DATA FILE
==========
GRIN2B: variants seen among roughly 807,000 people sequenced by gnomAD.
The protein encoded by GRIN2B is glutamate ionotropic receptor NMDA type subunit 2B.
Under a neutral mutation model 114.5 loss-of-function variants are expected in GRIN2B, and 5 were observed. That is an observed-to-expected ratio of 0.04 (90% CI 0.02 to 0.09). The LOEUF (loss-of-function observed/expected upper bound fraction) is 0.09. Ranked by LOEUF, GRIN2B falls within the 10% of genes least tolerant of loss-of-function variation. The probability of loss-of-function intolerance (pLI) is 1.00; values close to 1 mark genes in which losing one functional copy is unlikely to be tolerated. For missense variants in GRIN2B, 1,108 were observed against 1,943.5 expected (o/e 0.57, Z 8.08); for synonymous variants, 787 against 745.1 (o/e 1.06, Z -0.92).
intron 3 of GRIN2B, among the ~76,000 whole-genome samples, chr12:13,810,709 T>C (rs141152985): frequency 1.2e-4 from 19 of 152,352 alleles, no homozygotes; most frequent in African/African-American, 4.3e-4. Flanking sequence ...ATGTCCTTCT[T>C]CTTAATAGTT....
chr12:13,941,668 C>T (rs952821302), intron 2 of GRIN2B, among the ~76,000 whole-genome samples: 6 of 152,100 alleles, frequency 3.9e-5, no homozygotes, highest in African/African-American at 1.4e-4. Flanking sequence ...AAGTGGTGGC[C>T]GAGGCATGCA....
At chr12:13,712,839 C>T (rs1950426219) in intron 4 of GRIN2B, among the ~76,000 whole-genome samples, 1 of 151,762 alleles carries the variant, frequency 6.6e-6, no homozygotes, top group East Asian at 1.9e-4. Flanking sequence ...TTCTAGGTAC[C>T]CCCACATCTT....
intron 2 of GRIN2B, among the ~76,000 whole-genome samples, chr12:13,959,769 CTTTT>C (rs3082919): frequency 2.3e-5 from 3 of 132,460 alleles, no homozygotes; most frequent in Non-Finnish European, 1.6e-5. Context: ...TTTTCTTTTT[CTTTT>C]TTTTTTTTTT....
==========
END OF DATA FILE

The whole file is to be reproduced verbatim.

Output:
GRIN2B: variants seen among roughly 807,000 people sequenced by gnomAD.
The protein encoded by GRIN2B is glutamate ionotropic receptor NMDA type subunit 2B.
Under a neutral mutation model 114.5 loss-of-function variants are expected in GRIN2B, and 5 were observed. That is an observed-to-expected ratio of 0.04 (90% CI 0.02 to 0.09). The LOEUF (loss-of-function observed/expected upper bound fraction) is 0.09. Ranked by LOEUF, GRIN2B falls within the 10% of genes least tolerant of loss-of-function variation. The probability of loss-of-function intolerance (pLI) is 1.00; values close to 1 mark genes in which losing one functional copy is unlikely to be tolerated. For missense variants in GRIN2B, 1,108 were observed against 1,943.5 expected (o/e 0.57, Z 8.08); for synonymous variants, 787 against 745.1 (o/e 1.06, Z -0.92).
intron 3 of GRIN2B, among the ~76,000 whole-genome samples, chr12:13,810,709 T>C (rs141152985): frequency 1.2e-4 from 19 of 152,352 alleles, no homozygotes; most frequent in African/African-American, 4.3e-4. Flanking sequence ...ATGTCCTTCT[T>C]CTTAATAGTT....
chr12:13,941,668 C>T (rs952821302), intron 2 of GRIN2B, among the ~76,000 whole-genome samples: 6 of 152,100 alleles, frequency 3.9e-5, no homozygotes, highest in African/African-American at 1.4e-4. Flanking sequence ...AAGTGGTGGC[C>T]GAGGCATGCA....
At chr12:13,712,839 C>T (rs1950426219) in intron 4 of GRIN2B, among the ~76,000 whole-genome samples, 1 of 151,762 alleles carries the variant, frequency 6.6e-6, no homozygotes, top group East Asian at 1.9e-4. Flanking sequence ...TTCTAGGTAC[C>T]CCCACATCTT....
intron 2 of GRIN2B, among the ~76,000 whole-genome samples, chr12:13,959,769 CTTTT>C (rs3082919): frequency 2.3e-5 from 3 of 132,460 alleles, no homozygotes; most frequent in Non-Finnish European, 1.6e-5. Context: ...TTTTCTTTTT[CTTTT>C]TTTTTTTTTT....